On a day best suited for mudders, Testafly made a successful comeback in the Baltimore Breeders Cup Handicap today with a romp through swamp-like terrain at Pimlico.
J.D. Brown claimed Testafly in October 1997 for just $14,500, and the horse and trainer Dale Mills quickly provided Maryland racing with a wonderful human, and equine, interest story. Testafly, who had won just one race in 14 starts before joining Mills's stable, went on a tear, notching five wins, and three stakes victories, in his next eight trips. The most impressive was an eight-length triumph over Hot Brush over a very sloppy Pimlico track in last year's Baltimore Breeders Cup Handicap.
But the story of Mills and Testafly lost much of its sheen last August. After the horse finished third in the Iselin Handicap at Monmouth, a race won by Skip Away, stewards at the New Jersey track ruled that Testafly had been given the illegal drug clenbuterol, which can assist a horse's breathing. Testafly was disqualified, Mills's training license was suspended and their share of the $500,000 purse returned.
The cloud over Mills and the horse darkened considerably when Testafly, going off as the favorite, was routed by 27 lengths in the Maryland Million Classic in October, then finished last in the Hail Emperor Stakes in December. Mills took Testafly out of training following that race, and kept him off the track until giving him a chance to defend his crown yesterday.
The rest and relaxation, along with Testafly's fondness for slop, seemed evident from the start of this year's race. Taking off from the outside post, jockey Greg Hutton, who has handled Testafly's reins through good times and bad, took his mount right to the lead along the rail. Edgar Prado and Praise Heaven stayed with Testafly through the last turn of the 1 1/8 mile trip. When Praise Heaven dropped off, nobody else in the seven-horse field came up to contest Testafly.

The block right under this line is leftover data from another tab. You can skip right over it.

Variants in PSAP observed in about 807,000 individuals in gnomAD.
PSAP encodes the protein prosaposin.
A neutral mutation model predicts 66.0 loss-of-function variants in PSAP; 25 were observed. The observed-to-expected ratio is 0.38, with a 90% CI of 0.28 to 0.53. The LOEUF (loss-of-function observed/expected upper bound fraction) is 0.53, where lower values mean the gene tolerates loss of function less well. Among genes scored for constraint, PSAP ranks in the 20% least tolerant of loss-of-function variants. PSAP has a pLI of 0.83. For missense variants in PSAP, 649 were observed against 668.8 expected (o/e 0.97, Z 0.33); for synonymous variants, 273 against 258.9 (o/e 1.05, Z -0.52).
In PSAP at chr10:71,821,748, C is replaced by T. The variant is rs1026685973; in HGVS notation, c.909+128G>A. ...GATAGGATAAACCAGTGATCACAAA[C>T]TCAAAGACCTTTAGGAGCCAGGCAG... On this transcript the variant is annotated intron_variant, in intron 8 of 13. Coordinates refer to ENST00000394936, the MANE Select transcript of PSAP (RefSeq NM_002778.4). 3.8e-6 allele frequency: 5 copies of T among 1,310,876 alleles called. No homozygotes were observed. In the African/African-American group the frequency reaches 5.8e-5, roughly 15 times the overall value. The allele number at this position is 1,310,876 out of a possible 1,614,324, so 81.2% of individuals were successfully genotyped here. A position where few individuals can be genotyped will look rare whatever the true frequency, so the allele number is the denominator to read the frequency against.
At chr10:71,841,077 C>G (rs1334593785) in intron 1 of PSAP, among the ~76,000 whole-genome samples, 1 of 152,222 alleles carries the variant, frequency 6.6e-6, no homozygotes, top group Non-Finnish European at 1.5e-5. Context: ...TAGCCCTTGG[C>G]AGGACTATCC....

Hutton put the stick to Testafly at the top of the stretch, and the 5-year-old son of Deputed Testamony, who won the 1983 Preakness on a similarly sloppy Pimlico track, did his dad proud with an amazing final furlong. At the wire, his lead had been extended to 12 lengths over second-place finisher Rod and Staff.
Testafly finished in 1 minute 49.8 seconds, and paid $12.20.
"Turning for home, he just exploded," Hutton said in the winner's circle. "I guess he's back."
Brown gave credit for the stakes win to Mills and Mother Nature.
"Dale Mills did a great job getting Testafly back like he was," Brown said. "The layoff did him great, but he'd been working great for this race. And, well, I did my rain dance last night, and it was there."